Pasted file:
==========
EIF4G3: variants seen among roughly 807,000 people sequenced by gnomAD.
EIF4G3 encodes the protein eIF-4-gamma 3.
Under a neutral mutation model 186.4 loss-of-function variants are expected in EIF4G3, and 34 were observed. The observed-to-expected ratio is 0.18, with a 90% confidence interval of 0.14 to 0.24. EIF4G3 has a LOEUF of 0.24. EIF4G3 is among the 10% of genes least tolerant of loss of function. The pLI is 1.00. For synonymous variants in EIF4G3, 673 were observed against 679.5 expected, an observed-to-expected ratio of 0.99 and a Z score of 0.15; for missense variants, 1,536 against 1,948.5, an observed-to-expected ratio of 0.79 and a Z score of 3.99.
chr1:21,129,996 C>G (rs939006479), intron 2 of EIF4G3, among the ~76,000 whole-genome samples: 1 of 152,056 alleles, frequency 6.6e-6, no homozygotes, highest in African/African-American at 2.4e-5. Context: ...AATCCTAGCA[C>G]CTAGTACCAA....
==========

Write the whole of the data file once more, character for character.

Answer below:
EIF4G3: variants seen among roughly 807,000 people sequenced by gnomAD.
EIF4G3 encodes the protein eIF-4-gamma 3.
Under a neutral mutation model 186.4 loss-of-function variants are expected in EIF4G3, and 34 were observed. The observed-to-expected ratio is 0.18, with a 90% confidence interval of 0.14 to 0.24. EIF4G3 has a LOEUF of 0.24. EIF4G3 is among the 10% of genes least tolerant of loss of function. The pLI is 1.00. For synonymous variants in EIF4G3, 673 were observed against 679.5 expected, an observed-to-expected ratio of 0.99 and a Z score of 0.15; for missense variants, 1,536 against 1,948.5, an observed-to-expected ratio of 0.79 and a Z score of 3.99.
chr1:21,129,996 C>G (rs939006479), intron 2 of EIF4G3, among the ~76,000 whole-genome samples: 1 of 152,056 alleles, frequency 6.6e-6, no homozygotes, highest in African/African-American at 2.4e-5. Context: ...AATCCTAGCA[C>G]CTAGTACCAA....